It was McIntosh’s fourth goal in three games and as the only fit striker on the books he had really come of age with vital goals at vital times after missing part of the season earlier with a broken wrist, which he still protected with a cast. His recent form earned him his first international call-up when he was selected for the forthcoming Scotland Under-19 games in Denmark and it was a fairytale end to the season for a new ‘local hero’.

Leighton wasn’t the only one who grabbed the glory as Dee goalkeeper Rab Douglas pulled off a couple of magnificent saves at vital times as he had done all season. It was the day before the big man’s thirty-ninth birthday and a better present he could not have had with the securing of Dundee’s survival.

While the day before had been Good Friday, it turned out to be a good Saturday for The Dee as the final whistle brought scenes of joy. Players, management and fans celebrated the amazing feat of what they had achieved in staying up after the 25 point deduction with two games to spare and it would be an achievement long remembered.

Barry Smith came onto the pitch at the end and shook the hand of every one of his players before acknowledging the fans by punching the air in celebration. The whole squad – from those who had played that afternoon, to the substitutes, the coaching staff, the youngsters and the injured Higgins – joined together in a huddle in front of the support in a celebratory gesture which had throughout the season been the symbol of ‘Dee-fiance’. Dundee had defied them all and were staying up.

On DFCTV, Barry talked about how proud he was of the players and that it was the culmination of everything they had been aiming for since administration and the points’ deductions. “I can’t speak highly enough of the players and credit to them for all that they have done to make sure that we are safe in the First Division”, said a beaming Smith. “A lot of teams might have chucked it when they got a twenty-five point deduction but to them that was inspiration to get to where we are now.”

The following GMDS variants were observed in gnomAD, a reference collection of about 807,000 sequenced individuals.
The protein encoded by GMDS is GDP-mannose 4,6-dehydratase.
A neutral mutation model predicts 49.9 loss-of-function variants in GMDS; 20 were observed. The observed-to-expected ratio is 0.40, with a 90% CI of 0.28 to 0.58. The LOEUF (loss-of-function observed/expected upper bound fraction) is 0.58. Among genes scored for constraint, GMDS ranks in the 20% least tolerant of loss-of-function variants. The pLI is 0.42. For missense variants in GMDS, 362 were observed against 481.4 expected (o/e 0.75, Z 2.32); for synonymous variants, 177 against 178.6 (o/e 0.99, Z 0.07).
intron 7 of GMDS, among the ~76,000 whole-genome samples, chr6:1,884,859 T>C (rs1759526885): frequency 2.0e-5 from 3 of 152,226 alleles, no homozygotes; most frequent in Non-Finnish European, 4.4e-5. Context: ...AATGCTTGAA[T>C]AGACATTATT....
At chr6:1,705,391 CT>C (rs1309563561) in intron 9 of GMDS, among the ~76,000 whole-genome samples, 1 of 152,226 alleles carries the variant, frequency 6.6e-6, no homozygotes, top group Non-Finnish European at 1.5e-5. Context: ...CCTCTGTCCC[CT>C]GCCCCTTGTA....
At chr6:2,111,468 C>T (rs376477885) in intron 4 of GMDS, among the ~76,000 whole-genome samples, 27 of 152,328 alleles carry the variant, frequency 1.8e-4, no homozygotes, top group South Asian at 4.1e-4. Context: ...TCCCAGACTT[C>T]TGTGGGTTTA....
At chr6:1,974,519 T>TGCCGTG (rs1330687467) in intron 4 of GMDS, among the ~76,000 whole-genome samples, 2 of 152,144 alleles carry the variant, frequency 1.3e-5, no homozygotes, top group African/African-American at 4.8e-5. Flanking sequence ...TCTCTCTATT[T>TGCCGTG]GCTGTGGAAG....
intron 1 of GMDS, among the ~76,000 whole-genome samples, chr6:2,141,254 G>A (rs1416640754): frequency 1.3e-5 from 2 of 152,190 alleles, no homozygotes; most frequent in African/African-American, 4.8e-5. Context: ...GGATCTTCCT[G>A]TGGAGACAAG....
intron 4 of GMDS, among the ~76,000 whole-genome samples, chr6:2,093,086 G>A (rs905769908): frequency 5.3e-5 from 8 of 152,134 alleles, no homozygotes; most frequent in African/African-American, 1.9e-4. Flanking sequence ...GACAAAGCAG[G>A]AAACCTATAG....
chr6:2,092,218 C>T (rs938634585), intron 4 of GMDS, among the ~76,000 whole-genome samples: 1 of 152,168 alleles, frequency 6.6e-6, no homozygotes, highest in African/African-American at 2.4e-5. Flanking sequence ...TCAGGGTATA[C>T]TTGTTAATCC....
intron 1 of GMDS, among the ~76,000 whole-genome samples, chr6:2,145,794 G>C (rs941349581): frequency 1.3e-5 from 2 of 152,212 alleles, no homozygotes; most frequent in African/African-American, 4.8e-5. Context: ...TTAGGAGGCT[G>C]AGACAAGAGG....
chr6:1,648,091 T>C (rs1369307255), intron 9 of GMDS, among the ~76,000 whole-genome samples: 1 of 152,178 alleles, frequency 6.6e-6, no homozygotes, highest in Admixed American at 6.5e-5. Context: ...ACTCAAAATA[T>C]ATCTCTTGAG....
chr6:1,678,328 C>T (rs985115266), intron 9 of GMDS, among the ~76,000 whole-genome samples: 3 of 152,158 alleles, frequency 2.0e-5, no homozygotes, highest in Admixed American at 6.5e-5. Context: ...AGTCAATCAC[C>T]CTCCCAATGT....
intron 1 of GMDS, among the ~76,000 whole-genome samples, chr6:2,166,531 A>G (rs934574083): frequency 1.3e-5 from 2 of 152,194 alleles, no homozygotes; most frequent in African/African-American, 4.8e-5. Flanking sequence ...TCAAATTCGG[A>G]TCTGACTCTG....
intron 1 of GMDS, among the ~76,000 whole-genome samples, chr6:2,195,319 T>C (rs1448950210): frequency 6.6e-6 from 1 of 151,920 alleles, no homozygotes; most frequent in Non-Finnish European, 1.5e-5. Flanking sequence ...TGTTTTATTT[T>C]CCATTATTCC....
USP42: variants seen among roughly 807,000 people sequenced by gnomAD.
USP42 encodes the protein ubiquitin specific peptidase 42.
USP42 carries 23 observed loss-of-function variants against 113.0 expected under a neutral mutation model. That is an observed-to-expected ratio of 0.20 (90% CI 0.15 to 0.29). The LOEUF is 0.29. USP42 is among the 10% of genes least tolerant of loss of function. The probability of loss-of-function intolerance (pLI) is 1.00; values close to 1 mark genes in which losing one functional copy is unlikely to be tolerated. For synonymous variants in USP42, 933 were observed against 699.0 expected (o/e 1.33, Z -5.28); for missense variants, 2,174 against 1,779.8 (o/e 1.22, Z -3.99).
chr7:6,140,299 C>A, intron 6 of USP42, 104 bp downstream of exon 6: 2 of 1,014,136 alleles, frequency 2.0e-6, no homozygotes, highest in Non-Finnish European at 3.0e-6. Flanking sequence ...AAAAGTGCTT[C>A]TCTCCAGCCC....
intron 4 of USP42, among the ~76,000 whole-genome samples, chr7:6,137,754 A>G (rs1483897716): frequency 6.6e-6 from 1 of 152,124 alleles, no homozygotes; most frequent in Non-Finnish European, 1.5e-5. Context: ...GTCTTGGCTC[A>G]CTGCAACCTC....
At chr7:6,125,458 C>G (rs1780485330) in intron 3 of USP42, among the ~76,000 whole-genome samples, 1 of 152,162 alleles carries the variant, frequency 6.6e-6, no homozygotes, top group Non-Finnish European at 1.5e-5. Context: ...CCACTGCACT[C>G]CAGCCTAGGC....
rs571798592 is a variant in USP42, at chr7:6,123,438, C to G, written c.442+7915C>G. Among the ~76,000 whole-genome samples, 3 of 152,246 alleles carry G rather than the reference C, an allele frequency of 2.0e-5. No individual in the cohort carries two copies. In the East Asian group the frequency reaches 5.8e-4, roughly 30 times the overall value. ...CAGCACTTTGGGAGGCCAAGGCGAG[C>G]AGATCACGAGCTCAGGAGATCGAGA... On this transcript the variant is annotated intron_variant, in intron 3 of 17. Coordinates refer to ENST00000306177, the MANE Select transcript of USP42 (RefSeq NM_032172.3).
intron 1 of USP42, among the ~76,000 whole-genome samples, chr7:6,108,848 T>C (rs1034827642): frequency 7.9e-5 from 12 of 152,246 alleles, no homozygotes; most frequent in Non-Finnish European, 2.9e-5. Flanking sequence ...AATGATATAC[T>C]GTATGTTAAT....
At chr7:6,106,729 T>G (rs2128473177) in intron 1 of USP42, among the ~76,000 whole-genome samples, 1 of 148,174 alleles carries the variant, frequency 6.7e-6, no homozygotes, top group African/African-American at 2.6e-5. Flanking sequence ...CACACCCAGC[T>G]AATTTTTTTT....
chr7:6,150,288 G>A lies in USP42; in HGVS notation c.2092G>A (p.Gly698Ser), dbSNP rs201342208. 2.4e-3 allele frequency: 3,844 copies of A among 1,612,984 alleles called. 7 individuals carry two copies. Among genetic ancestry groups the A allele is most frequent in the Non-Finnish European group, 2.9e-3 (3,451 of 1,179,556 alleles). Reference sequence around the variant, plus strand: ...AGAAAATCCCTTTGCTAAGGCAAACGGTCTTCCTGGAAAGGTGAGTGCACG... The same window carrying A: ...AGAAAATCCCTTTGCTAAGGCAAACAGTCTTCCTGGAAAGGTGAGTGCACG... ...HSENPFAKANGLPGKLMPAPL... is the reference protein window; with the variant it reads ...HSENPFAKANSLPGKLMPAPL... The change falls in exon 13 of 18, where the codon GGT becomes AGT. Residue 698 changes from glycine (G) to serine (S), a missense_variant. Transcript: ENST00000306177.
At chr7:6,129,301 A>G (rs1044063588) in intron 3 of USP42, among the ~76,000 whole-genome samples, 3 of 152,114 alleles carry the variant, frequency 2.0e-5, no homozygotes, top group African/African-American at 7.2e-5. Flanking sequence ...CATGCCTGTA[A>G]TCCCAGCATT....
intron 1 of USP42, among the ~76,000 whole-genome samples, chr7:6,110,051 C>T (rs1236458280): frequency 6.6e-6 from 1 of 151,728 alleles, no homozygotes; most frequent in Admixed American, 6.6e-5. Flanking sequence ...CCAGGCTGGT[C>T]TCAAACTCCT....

Never in all his years with the Club had the Dundee legend’s smile been rightly wider.

The achievement of Dundee in staying up in the First Division after being deducted twenty-five points should never be underestimated and Dundee Lord Provost John Letford told The Courier, “There should be some recognition of what has been achieved this year because it is unparalleled.”

In the final league table Dundee finished in sixth place, twenty-four points ahead of tenth and nine points ahead of the play-off spot and Barry Smith was rightly proud of his players. In his final programme notes of the season, Barry wrote, “I am fortunate to have many great memories of my time at Dundee and the special feeling at the final whistle at Dingwall will certainly always be among them. When we were set the challenge in November to stay in this league we always believed it was possible and despite several obstacles put in our way, we achieved that aim. Everyone can be rightly proud of their contribution to helping the Club through this period.”

Smith had done a remarkable job since becoming interim manager in October and once again helped lead the club successfully through a turbulent administration period. He was club captain during the first administration in 2003, working tirelessly to help the fundraising off the pitch, while captaining the side to seventh place and survival on it and now seven years on, did it again as manager. This time however there was a points’ deduction to contend with, a transfer embargo and a skeleton squad and the rookie boss somehow managed to lead to Dundee to safety, astutely utilising the trialist system and playing some great football to boot.

There is no doubt that the circumstances which led to all this are tragic and should never be forgotten but it did eventually inspire something beautiful. It was a rollercoaster ride of highs and lows where everyone who loved the Club pulled together to save it. It was a season which no one will ever forget and it was a season where everyone connected with Dundee Football Club were ‘Dee-Fiant’ to the core!